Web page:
The following, will provide a general selection guide that will help you quickly understand VSI's item codes and the links at right will help decide what specific port rings and adapters are necessary to create your particular imaging train, or simply dock a major component (i.e. Slider, Sidewinder, VSI Toad focuser, etc.) to your scope.
You can build your own imaging train using these links, or just call VSI and I will help build it with you. However, before calling VSI, you should [at least] know your scope's visual back format. Especially if you have a scope from a manufacturer that has many different optical types and models, like Takahashi, TMB, Vixen, Borg, etc. That way, we have a place to start.
If you don't know your scope's visual back format, you can call the manufacturer or reference your owner's manual. If these are not available, then you can measure your scope's visual back threads yourself. Use a caliper and measure the outside diameter of the threads, not the inside diameter, because thread sizes are referenced from the outside diameter, not the inside. An example would be AstroPhysics 2.7"-24tpi threaded moving focuser tube, or Takahashi's 72mm-1mm visual back. Using an SAE caliper, you would measure a diameter of slightly less than 2.7 inches, and using a metric caliper, you would measure slightly less than 72mm. This simple method comfirms that the VSI port rings listed at the various links are correct. You don't have to measure the threads per inch, unless you have a thread gage.
ADAPTER = General term usually connecting or converting a 2" or smaller format component to your scope or camera. This type of adapter can be male or female threaded, or flanged on one end to be inserted in a female cavity locked down with double thumb screws,like the rear port of the Slider, etc.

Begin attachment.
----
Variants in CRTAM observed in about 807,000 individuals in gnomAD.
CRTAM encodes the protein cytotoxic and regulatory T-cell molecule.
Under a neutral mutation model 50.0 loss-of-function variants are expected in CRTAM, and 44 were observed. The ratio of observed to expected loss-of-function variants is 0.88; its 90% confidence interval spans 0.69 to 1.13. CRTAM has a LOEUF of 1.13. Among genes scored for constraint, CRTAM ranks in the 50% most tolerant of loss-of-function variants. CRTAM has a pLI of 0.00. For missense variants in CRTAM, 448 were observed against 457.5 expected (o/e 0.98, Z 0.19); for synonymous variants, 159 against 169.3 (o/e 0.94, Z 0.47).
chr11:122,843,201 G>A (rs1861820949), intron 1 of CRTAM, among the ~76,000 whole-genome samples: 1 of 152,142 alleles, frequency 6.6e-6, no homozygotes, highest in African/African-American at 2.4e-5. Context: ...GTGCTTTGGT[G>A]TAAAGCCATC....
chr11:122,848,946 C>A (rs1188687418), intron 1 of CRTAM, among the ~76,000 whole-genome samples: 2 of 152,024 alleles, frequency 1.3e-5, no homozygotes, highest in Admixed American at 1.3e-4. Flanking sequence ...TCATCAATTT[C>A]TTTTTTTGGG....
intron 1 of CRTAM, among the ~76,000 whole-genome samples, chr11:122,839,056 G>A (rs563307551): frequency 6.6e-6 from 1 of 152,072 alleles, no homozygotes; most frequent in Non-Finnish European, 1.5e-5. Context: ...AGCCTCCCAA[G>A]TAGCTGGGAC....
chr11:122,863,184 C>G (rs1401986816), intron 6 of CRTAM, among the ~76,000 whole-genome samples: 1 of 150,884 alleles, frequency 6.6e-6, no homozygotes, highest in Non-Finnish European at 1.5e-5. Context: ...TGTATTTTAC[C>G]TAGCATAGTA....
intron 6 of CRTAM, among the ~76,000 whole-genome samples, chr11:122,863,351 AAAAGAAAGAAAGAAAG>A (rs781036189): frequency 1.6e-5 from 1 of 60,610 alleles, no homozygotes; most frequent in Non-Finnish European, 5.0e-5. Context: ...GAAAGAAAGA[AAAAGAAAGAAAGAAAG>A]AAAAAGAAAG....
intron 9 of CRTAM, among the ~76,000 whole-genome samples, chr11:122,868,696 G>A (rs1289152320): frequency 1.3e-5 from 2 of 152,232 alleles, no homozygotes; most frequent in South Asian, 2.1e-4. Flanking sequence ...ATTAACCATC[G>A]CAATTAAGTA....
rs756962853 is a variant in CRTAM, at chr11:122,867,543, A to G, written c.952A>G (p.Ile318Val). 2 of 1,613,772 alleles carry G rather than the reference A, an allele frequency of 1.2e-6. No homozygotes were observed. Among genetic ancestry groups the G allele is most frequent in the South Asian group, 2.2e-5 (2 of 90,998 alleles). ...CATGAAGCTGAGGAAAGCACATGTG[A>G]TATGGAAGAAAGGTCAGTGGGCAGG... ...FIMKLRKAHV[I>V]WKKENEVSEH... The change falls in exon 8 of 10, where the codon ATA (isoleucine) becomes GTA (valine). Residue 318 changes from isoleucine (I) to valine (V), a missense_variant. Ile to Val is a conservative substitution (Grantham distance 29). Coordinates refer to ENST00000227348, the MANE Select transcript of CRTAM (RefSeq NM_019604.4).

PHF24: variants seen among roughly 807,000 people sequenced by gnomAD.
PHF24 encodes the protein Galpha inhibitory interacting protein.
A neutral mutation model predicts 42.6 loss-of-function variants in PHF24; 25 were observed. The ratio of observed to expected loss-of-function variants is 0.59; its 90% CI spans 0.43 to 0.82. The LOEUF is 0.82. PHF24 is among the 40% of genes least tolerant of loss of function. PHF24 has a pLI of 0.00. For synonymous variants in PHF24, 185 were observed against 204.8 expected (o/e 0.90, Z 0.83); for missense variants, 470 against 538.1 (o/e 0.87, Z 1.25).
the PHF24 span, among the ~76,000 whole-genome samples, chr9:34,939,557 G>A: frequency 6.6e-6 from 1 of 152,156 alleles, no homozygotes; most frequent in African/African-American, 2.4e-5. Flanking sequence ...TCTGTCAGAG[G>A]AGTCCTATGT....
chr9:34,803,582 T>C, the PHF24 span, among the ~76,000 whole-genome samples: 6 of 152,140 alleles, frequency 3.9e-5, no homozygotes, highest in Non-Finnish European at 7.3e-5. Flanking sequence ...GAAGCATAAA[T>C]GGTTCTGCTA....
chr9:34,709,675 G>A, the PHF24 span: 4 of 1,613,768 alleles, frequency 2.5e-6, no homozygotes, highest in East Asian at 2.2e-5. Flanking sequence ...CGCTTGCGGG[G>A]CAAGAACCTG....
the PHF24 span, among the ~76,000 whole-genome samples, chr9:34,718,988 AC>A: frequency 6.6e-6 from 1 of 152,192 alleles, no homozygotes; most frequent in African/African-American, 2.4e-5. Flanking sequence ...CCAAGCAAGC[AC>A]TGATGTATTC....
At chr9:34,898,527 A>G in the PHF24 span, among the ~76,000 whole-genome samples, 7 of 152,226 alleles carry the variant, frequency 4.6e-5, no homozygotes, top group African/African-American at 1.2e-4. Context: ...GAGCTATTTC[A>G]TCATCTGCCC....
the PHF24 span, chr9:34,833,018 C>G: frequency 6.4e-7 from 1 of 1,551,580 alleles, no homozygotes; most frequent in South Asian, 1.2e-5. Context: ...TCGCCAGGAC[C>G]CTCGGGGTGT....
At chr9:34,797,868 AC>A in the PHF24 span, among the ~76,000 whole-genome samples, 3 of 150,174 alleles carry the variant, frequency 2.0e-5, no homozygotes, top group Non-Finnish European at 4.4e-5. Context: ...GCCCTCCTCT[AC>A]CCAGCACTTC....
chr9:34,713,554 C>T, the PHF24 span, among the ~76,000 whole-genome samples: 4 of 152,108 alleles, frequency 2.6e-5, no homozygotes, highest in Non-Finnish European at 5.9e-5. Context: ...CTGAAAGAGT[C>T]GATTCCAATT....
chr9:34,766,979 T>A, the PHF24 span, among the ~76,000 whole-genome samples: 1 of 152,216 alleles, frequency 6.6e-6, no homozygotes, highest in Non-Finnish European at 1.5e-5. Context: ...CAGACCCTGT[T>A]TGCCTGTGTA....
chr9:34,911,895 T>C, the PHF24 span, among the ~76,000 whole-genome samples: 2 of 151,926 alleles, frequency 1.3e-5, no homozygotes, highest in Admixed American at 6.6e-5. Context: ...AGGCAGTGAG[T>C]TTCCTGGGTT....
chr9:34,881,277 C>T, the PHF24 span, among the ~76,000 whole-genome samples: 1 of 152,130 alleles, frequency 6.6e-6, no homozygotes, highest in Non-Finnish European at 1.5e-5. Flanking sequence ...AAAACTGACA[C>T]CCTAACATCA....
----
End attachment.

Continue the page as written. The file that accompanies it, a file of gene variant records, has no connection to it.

MOVING TUBE = Also called Travel Tube. Always confused with the term "drawtube," even by other focuser manufacturers. A drawtube is not a moving/travel tube. A drawtube is a push/pull tube that is [usually] inserted into a focuser's moving/travel tube.
DRAWTUBE = Can be written as one or two words. Both are acceptable. A push/pull tube usually used for rough focusing an eyepiece or guiding CCD camera. Also used for extending the focus range of a focuser. Mostly associated with 2" or 1.25" eyepiece formats.
CONVERTER = Converts one format to another format. Usually an existing threaded format that converts to a different threaded format, but not always.
PORT RING = VSI's definition is a ring, usually threaded, the is larger than the standard 2" format (i.e. 2.7"-24tpi, 72mm-1mm, etc.).
DOCKING PORT RING = Docks a VSI major components (i.e. focuser, optical manifold, etc.) directly to your scope's visual back.
CAMERA PORT RING = Attaches a camera to the rear port of a VSI major component (i.e. Sidewinder, Targetron, etc.).
REVERSE PORT RING = Attaches to the rear port of a VSI major component to convert to the exact opposite of a [usually] threaded docking port ring. If a specific docking port ring is male threaded, then the reverse port ring is female threaded. Continues the same [threaded] format of the scope's original visual back format, before the VSI major component was attached.